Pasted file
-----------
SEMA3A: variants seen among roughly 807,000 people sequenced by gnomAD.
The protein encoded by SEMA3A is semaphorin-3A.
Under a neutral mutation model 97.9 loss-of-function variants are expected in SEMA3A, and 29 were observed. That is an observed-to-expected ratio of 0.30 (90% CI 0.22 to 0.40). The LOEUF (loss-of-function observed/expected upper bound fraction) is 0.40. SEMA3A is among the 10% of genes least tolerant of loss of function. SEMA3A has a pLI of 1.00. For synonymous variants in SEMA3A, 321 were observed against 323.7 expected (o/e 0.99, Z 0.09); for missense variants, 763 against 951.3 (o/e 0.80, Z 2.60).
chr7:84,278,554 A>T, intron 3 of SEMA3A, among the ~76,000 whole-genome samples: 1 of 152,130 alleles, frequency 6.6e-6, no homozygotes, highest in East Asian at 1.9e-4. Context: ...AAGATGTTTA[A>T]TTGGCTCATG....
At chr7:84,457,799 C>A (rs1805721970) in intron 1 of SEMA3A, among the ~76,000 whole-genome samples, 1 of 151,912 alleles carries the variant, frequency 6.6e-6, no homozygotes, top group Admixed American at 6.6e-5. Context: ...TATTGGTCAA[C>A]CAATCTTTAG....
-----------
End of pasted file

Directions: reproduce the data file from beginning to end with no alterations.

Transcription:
SEMA3A: variants seen among roughly 807,000 people sequenced by gnomAD.
The protein encoded by SEMA3A is semaphorin-3A.
Under a neutral mutation model 97.9 loss-of-function variants are expected in SEMA3A, and 29 were observed. That is an observed-to-expected ratio of 0.30 (90% CI 0.22 to 0.40). The LOEUF (loss-of-function observed/expected upper bound fraction) is 0.40. SEMA3A is among the 10% of genes least tolerant of loss of function. SEMA3A has a pLI of 1.00. For synonymous variants in SEMA3A, 321 were observed against 323.7 expected (o/e 0.99, Z 0.09); for missense variants, 763 against 951.3 (o/e 0.80, Z 2.60).
chr7:84,278,554 A>T, intron 3 of SEMA3A, among the ~76,000 whole-genome samples: 1 of 152,130 alleles, frequency 6.6e-6, no homozygotes, highest in East Asian at 1.9e-4. Context: ...AAGATGTTTA[A>T]TTGGCTCATG....
At chr7:84,457,799 C>A (rs1805721970) in intron 1 of SEMA3A, among the ~76,000 whole-genome samples, 1 of 151,912 alleles carries the variant, frequency 6.6e-6, no homozygotes, top group Admixed American at 6.6e-5. Context: ...TATTGGTCAA[C>A]CAATCTTTAG....